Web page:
Sorry calorie counters, the Federal Law that would make your life a lot easier isn't going to be coming into effect when we thought it was. You're going to have to wait.
A law that would make it mandatory for any restaurant with over 20 locations to display calorie information on their menus has been pushed back yet again. It was supposed to come into effect Friday May 5, but the day came and went without any compliance.
Earlier this year the Food and Drug Administration asked for an extension on the deadline but didn't when they would like that new deadline to be. This isn't the first time they've asked for an extension either - past deadlines in 2015 and 2016 were both pushed back too.
The new deadline, if the term even applies to something extended 3 times, is now May 7 2018.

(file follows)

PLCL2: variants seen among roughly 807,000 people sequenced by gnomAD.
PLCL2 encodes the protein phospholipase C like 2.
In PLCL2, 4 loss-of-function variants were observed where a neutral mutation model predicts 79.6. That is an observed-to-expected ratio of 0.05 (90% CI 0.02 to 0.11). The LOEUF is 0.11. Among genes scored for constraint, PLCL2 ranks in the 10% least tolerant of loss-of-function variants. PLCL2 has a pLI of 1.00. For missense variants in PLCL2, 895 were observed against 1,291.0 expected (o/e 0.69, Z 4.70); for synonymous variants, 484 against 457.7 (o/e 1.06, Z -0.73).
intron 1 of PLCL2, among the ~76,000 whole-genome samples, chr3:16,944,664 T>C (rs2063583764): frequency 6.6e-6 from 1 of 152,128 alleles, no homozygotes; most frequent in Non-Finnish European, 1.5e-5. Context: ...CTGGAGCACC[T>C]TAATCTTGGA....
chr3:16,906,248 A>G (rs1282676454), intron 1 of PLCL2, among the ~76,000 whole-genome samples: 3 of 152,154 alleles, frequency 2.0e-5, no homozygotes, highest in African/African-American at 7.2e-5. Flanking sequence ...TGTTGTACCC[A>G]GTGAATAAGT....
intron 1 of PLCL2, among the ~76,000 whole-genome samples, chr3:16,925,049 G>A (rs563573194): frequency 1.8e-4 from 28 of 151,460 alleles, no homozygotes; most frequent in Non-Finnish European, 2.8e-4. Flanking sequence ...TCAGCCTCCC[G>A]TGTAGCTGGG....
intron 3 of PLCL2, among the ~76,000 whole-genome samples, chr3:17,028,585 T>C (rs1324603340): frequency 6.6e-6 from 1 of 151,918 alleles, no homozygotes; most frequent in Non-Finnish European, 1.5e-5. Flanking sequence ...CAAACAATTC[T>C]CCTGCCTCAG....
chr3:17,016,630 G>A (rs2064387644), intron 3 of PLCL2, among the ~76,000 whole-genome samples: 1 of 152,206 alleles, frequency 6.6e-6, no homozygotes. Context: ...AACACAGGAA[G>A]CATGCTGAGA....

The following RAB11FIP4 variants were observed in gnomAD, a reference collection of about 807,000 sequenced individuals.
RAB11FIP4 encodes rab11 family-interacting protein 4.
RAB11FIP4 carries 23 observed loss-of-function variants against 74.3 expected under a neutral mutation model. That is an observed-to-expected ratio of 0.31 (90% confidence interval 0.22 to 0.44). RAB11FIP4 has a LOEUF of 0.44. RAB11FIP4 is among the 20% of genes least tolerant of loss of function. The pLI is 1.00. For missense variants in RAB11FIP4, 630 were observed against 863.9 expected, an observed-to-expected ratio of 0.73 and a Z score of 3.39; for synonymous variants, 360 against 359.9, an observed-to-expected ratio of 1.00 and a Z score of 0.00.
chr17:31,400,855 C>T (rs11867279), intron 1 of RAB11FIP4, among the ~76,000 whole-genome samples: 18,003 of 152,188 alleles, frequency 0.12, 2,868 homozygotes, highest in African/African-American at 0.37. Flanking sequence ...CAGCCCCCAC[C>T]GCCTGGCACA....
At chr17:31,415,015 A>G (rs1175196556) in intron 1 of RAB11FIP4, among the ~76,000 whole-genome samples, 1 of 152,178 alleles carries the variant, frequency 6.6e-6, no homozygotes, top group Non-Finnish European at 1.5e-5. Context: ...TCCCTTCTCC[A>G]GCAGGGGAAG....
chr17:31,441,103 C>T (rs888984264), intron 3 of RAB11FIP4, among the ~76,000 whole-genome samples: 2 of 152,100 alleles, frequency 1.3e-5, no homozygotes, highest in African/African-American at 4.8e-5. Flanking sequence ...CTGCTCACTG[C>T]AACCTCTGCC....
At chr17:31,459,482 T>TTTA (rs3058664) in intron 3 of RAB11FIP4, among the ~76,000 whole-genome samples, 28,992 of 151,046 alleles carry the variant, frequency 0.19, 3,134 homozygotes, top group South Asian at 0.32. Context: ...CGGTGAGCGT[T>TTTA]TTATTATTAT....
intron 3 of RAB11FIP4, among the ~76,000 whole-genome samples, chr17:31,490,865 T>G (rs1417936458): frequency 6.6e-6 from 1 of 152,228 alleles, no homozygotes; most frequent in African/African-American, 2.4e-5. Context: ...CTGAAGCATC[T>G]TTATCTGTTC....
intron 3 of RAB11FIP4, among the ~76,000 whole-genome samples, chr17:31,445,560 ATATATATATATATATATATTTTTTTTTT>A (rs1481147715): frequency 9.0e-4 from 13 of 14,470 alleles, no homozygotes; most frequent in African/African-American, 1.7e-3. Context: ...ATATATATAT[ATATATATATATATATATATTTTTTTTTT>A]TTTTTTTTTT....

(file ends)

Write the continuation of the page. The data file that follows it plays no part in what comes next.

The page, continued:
Advocates for great dietary information will no doubt be disappointed at the decision, and even the National Restaurant Association is upset, saying that the Federal law would help make the industry more consistent, since currently restaurants in some areas have to display calories, while others don't.
The FDA released a statement earlier explaining its request:
"We are taking this action to enable us to consider how we might further reduce the regulatory burden or increase flexibility while continuing to achieve our regulatory objectives, in keeping with the Administration’s policies."
Opponents of the measure say that it creates an unnecessary cost to restaurants where profit margins are already tight, they also say there's no proof that advertising calorie information will lead to smarter eating by a restaurants customers.
There are also opponents on the other side of the argument, saying that simply showing calories isn't enough for a consumer to make an informed choice.
New York City was the first district to enable calorie information laws, and California became the first state to mandate it in 2009.